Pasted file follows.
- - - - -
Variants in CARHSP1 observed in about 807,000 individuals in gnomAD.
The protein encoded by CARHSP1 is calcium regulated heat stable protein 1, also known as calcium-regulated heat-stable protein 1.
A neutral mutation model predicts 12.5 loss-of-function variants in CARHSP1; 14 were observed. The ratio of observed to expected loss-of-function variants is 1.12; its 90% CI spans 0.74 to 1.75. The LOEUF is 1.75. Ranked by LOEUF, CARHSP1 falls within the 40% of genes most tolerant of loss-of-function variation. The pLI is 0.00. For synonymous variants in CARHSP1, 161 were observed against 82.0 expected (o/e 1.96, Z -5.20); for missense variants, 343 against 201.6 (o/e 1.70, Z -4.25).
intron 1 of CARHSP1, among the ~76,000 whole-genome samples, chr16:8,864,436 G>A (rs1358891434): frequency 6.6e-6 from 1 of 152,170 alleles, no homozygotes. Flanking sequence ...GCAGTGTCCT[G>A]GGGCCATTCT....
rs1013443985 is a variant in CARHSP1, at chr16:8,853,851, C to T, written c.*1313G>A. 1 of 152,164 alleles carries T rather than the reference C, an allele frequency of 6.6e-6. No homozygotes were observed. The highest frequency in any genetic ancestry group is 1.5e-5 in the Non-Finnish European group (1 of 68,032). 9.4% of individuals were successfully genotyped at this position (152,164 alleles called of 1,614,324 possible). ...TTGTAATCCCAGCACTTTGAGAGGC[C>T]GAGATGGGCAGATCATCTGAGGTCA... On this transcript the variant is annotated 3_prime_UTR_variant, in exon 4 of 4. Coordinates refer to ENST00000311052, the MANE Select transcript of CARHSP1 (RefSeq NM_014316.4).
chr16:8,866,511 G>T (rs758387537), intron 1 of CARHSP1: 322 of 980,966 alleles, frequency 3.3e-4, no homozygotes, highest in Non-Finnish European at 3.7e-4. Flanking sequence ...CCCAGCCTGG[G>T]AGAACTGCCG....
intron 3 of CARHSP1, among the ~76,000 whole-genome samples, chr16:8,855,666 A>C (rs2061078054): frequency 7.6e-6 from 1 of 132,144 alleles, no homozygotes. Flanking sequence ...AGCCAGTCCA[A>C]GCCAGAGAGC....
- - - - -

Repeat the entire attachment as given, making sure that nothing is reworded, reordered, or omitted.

Variants in CARHSP1 observed in about 807,000 individuals in gnomAD.
The protein encoded by CARHSP1 is calcium regulated heat stable protein 1, also known as calcium-regulated heat-stable protein 1.
A neutral mutation model predicts 12.5 loss-of-function variants in CARHSP1; 14 were observed. The ratio of observed to expected loss-of-function variants is 1.12; its 90% CI spans 0.74 to 1.75. The LOEUF is 1.75. Ranked by LOEUF, CARHSP1 falls within the 40% of genes most tolerant of loss-of-function variation. The pLI is 0.00. For synonymous variants in CARHSP1, 161 were observed against 82.0 expected (o/e 1.96, Z -5.20); for missense variants, 343 against 201.6 (o/e 1.70, Z -4.25).
intron 1 of CARHSP1, among the ~76,000 whole-genome samples, chr16:8,864,436 G>A (rs1358891434): frequency 6.6e-6 from 1 of 152,170 alleles, no homozygotes. Flanking sequence ...GCAGTGTCCT[G>A]GGGCCATTCT....
rs1013443985 is a variant in CARHSP1, at chr16:8,853,851, C to T, written c.*1313G>A. 1 of 152,164 alleles carries T rather than the reference C, an allele frequency of 6.6e-6. No homozygotes were observed. The highest frequency in any genetic ancestry group is 1.5e-5 in the Non-Finnish European group (1 of 68,032). 9.4% of individuals were successfully genotyped at this position (152,164 alleles called of 1,614,324 possible). ...TTGTAATCCCAGCACTTTGAGAGGC[C>T]GAGATGGGCAGATCATCTGAGGTCA... On this transcript the variant is annotated 3_prime_UTR_variant, in exon 4 of 4. Coordinates refer to ENST00000311052, the MANE Select transcript of CARHSP1 (RefSeq NM_014316.4).
chr16:8,866,511 G>T (rs758387537), intron 1 of CARHSP1: 322 of 980,966 alleles, frequency 3.3e-4, no homozygotes, highest in Non-Finnish European at 3.7e-4. Flanking sequence ...CCCAGCCTGG[G>T]AGAACTGCCG....
intron 3 of CARHSP1, among the ~76,000 whole-genome samples, chr16:8,855,666 A>C (rs2061078054): frequency 7.6e-6 from 1 of 132,144 alleles, no homozygotes. Flanking sequence ...AGCCAGTCCA[A>C]GCCAGAGAGC....